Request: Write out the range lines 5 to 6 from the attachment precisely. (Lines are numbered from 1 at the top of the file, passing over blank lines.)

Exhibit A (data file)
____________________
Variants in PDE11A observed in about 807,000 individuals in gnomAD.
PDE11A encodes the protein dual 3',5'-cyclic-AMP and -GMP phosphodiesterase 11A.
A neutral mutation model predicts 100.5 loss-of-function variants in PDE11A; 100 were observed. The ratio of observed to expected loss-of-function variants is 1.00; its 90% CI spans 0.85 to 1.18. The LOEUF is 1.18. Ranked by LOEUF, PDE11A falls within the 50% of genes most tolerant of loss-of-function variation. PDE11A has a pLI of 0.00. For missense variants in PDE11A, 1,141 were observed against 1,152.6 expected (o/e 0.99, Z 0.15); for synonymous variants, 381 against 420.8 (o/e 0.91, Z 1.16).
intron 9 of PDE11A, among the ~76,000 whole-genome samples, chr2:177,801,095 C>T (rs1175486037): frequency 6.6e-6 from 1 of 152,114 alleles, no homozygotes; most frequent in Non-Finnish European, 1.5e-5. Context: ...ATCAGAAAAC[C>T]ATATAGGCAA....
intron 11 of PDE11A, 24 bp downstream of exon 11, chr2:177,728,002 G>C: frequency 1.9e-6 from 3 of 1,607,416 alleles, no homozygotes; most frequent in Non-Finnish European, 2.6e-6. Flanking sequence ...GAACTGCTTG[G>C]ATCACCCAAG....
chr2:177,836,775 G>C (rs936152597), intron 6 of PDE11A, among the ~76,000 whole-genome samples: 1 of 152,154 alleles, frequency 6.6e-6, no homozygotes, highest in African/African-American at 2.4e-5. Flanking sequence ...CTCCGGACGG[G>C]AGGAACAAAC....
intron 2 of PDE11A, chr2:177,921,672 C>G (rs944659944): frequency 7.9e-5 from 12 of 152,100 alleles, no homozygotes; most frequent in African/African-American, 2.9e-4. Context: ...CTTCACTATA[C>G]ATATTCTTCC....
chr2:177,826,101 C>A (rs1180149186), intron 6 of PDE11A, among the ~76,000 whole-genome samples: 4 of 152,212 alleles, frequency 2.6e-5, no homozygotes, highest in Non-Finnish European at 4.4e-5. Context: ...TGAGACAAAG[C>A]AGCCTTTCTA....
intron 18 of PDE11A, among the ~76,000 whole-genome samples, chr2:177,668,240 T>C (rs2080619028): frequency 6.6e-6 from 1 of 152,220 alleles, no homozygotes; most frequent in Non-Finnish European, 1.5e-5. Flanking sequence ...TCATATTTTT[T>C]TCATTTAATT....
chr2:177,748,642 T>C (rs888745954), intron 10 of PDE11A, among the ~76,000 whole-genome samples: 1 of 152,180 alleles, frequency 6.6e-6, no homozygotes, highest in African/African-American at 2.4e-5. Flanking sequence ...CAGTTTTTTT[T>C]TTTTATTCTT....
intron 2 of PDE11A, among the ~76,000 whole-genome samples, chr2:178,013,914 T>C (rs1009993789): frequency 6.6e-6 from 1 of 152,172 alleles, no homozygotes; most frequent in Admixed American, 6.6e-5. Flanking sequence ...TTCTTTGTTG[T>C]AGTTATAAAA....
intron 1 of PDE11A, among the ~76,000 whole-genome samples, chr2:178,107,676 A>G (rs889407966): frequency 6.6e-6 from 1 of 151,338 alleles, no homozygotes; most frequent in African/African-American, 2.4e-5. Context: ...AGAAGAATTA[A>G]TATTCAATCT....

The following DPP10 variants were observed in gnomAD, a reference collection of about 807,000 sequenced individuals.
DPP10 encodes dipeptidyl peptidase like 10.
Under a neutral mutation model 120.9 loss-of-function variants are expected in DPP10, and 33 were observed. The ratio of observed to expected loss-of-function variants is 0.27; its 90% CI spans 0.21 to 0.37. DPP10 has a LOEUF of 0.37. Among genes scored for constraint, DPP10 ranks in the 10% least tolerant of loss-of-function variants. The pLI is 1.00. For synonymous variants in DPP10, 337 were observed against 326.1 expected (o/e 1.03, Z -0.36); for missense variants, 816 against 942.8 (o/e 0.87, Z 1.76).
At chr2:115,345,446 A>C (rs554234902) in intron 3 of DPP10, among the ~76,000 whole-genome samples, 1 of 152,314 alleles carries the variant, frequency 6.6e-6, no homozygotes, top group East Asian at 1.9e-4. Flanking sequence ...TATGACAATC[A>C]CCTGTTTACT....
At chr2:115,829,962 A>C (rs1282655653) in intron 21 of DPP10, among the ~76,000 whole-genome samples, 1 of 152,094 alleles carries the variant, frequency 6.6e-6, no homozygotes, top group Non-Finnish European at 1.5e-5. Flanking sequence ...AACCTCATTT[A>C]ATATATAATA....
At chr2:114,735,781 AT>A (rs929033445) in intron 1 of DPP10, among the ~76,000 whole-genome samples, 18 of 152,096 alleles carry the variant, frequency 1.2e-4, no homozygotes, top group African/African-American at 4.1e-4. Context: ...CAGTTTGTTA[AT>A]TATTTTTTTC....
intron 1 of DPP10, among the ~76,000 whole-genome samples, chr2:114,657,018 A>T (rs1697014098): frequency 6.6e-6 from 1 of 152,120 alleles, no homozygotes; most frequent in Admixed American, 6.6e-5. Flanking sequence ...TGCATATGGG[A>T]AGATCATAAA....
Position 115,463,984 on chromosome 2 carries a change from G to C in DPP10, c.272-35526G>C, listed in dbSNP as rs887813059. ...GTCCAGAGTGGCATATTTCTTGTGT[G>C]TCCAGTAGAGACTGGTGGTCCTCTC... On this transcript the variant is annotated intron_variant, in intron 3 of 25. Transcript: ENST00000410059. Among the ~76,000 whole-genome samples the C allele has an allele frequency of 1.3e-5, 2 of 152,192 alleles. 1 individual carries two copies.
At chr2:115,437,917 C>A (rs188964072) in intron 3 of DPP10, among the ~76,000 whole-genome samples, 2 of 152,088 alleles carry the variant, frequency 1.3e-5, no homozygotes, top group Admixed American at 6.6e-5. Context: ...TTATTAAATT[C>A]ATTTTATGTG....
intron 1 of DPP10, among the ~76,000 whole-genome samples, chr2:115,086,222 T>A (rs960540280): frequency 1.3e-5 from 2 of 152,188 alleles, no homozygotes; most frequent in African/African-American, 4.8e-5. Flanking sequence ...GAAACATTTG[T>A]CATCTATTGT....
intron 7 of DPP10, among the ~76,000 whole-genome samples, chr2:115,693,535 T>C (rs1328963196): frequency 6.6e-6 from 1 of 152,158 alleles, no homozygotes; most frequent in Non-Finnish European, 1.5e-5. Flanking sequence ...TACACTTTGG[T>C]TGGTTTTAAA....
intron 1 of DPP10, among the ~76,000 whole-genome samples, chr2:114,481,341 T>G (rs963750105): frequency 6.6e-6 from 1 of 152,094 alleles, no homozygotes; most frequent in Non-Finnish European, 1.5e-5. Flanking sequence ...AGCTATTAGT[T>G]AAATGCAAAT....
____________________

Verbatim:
intron 11 of PDE11A, 24 bp downstream of exon 11, chr2:177,728,002 G>C: frequency 1.9e-6 from 3 of 1,607,416 alleles, no homozygotes; most frequent in Non-Finnish European, 2.6e-6. Flanking sequence ...GAACTGCTTG[G>C]ATCACCCAAG....
chr2:177,836,775 G>C (rs936152597), intron 6 of PDE11A, among the ~76,000 whole-genome samples: 1 of 152,154 alleles, frequency 6.6e-6, no homozygotes, highest in African/African-American at 2.4e-5. Flanking sequence ...CTCCGGACGG[G>C]AGGAACAAAC....